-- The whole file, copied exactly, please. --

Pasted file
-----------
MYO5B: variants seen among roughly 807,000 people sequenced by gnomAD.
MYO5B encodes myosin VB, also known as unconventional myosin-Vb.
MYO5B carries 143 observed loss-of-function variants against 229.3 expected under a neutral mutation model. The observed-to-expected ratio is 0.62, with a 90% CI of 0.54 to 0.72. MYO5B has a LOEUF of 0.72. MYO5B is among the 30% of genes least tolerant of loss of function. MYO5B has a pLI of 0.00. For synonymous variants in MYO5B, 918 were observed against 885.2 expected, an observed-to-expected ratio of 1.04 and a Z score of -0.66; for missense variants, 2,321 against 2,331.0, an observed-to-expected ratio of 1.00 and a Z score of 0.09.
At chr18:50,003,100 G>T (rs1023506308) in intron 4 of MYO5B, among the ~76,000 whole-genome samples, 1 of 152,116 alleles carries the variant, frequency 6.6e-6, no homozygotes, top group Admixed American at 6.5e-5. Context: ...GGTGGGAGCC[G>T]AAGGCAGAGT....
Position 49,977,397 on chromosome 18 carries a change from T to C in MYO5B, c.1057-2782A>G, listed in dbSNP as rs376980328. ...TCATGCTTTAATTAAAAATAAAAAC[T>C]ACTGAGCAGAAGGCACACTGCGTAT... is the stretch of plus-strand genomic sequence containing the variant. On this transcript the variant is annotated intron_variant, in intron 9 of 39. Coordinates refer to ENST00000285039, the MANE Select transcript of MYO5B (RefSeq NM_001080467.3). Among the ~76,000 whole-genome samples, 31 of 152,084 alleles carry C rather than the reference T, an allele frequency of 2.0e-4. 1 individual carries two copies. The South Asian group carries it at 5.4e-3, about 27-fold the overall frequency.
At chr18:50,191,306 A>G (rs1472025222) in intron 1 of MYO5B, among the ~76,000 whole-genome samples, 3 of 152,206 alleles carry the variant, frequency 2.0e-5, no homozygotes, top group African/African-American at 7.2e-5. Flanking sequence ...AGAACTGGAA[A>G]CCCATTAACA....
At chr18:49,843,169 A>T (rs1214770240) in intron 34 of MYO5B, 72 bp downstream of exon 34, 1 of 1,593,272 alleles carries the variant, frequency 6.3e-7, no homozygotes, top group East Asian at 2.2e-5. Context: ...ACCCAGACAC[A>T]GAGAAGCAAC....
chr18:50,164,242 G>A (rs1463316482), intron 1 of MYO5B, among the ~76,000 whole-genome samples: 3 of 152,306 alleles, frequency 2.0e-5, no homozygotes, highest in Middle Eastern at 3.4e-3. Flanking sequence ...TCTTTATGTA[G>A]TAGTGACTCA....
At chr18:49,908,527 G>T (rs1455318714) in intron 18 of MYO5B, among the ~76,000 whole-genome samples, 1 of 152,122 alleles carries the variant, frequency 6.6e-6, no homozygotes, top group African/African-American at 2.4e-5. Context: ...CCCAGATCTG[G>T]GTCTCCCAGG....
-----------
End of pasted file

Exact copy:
MYO5B: variants seen among roughly 807,000 people sequenced by gnomAD.
MYO5B encodes myosin VB, also known as unconventional myosin-Vb.
MYO5B carries 143 observed loss-of-function variants against 229.3 expected under a neutral mutation model. The observed-to-expected ratio is 0.62, with a 90% CI of 0.54 to 0.72. MYO5B has a LOEUF of 0.72. MYO5B is among the 30% of genes least tolerant of loss of function. MYO5B has a pLI of 0.00. For synonymous variants in MYO5B, 918 were observed against 885.2 expected, an observed-to-expected ratio of 1.04 and a Z score of -0.66; for missense variants, 2,321 against 2,331.0, an observed-to-expected ratio of 1.00 and a Z score of 0.09.
At chr18:50,003,100 G>T (rs1023506308) in intron 4 of MYO5B, among the ~76,000 whole-genome samples, 1 of 152,116 alleles carries the variant, frequency 6.6e-6, no homozygotes, top group Admixed American at 6.5e-5. Context: ...GGTGGGAGCC[G>T]AAGGCAGAGT....
Position 49,977,397 on chromosome 18 carries a change from T to C in MYO5B, c.1057-2782A>G, listed in dbSNP as rs376980328. ...TCATGCTTTAATTAAAAATAAAAAC[T>C]ACTGAGCAGAAGGCACACTGCGTAT... is the stretch of plus-strand genomic sequence containing the variant. On this transcript the variant is annotated intron_variant, in intron 9 of 39. Coordinates refer to ENST00000285039, the MANE Select transcript of MYO5B (RefSeq NM_001080467.3). Among the ~76,000 whole-genome samples, 31 of 152,084 alleles carry C rather than the reference T, an allele frequency of 2.0e-4. 1 individual carries two copies. The South Asian group carries it at 5.4e-3, about 27-fold the overall frequency.
At chr18:50,191,306 A>G (rs1472025222) in intron 1 of MYO5B, among the ~76,000 whole-genome samples, 3 of 152,206 alleles carry the variant, frequency 2.0e-5, no homozygotes, top group African/African-American at 7.2e-5. Flanking sequence ...AGAACTGGAA[A>G]CCCATTAACA....
At chr18:49,843,169 A>T (rs1214770240) in intron 34 of MYO5B, 72 bp downstream of exon 34, 1 of 1,593,272 alleles carries the variant, frequency 6.3e-7, no homozygotes, top group East Asian at 2.2e-5. Context: ...ACCCAGACAC[A>T]GAGAAGCAAC....
chr18:50,164,242 G>A (rs1463316482), intron 1 of MYO5B, among the ~76,000 whole-genome samples: 3 of 152,306 alleles, frequency 2.0e-5, no homozygotes, highest in Middle Eastern at 3.4e-3. Flanking sequence ...TCTTTATGTA[G>A]TAGTGACTCA....
At chr18:49,908,527 G>T (rs1455318714) in intron 18 of MYO5B, among the ~76,000 whole-genome samples, 1 of 152,122 alleles carries the variant, frequency 6.6e-6, no homozygotes, top group African/African-American at 2.4e-5. Context: ...CCCAGATCTG[G>T]GTCTCCCAGG....